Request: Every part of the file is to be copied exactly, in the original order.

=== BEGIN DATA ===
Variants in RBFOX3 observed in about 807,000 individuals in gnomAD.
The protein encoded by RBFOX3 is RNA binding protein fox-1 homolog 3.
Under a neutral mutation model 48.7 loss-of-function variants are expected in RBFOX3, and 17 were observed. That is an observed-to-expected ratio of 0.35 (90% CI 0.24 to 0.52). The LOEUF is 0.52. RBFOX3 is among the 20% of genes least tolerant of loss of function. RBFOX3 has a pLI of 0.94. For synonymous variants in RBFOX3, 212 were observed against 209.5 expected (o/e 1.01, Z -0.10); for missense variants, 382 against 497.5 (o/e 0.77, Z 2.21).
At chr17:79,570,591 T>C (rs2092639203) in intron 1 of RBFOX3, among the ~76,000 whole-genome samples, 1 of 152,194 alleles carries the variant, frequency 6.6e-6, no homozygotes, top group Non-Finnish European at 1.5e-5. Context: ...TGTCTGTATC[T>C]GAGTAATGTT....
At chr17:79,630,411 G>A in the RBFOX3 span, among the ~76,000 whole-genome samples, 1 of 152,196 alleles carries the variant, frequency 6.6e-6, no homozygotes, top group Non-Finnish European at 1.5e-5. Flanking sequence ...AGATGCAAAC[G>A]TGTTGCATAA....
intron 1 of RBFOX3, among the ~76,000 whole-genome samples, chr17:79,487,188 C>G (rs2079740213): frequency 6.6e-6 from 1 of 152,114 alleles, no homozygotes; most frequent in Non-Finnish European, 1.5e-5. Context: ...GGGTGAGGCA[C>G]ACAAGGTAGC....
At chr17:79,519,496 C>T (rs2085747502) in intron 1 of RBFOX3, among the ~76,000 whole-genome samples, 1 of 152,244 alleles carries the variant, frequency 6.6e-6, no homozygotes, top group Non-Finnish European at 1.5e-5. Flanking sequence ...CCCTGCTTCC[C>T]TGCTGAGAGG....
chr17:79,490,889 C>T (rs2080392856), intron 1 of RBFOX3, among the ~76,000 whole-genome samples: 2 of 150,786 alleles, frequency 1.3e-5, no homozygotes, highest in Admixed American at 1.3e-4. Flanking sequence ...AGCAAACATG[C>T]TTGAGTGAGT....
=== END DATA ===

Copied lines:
Variants in RBFOX3 observed in about 807,000 individuals in gnomAD.
The protein encoded by RBFOX3 is RNA binding protein fox-1 homolog 3.
Under a neutral mutation model 48.7 loss-of-function variants are expected in RBFOX3, and 17 were observed. That is an observed-to-expected ratio of 0.35 (90% CI 0.24 to 0.52). The LOEUF is 0.52. RBFOX3 is among the 20% of genes least tolerant of loss of function. RBFOX3 has a pLI of 0.94. For synonymous variants in RBFOX3, 212 were observed against 209.5 expected (o/e 1.01, Z -0.10); for missense variants, 382 against 497.5 (o/e 0.77, Z 2.21).
At chr17:79,570,591 T>C (rs2092639203) in intron 1 of RBFOX3, among the ~76,000 whole-genome samples, 1 of 152,194 alleles carries the variant, frequency 6.6e-6, no homozygotes, top group Non-Finnish European at 1.5e-5. Context: ...TGTCTGTATC[T>C]GAGTAATGTT....
At chr17:79,630,411 G>A in the RBFOX3 span, among the ~76,000 whole-genome samples, 1 of 152,196 alleles carries the variant, frequency 6.6e-6, no homozygotes, top group Non-Finnish European at 1.5e-5. Flanking sequence ...AGATGCAAAC[G>A]TGTTGCATAA....
intron 1 of RBFOX3, among the ~76,000 whole-genome samples, chr17:79,487,188 C>G (rs2079740213): frequency 6.6e-6 from 1 of 152,114 alleles, no homozygotes; most frequent in Non-Finnish European, 1.5e-5. Context: ...GGGTGAGGCA[C>G]ACAAGGTAGC....
At chr17:79,519,496 C>T (rs2085747502) in intron 1 of RBFOX3, among the ~76,000 whole-genome samples, 1 of 152,244 alleles carries the variant, frequency 6.6e-6, no homozygotes, top group Non-Finnish European at 1.5e-5. Flanking sequence ...CCCTGCTTCC[C>T]TGCTGAGAGG....
chr17:79,490,889 C>T (rs2080392856), intron 1 of RBFOX3, among the ~76,000 whole-genome samples: 2 of 150,786 alleles, frequency 1.3e-5, no homozygotes, highest in Admixed American at 1.3e-4. Flanking sequence ...AGCAAACATG[C>T]TTGAGTGAGT....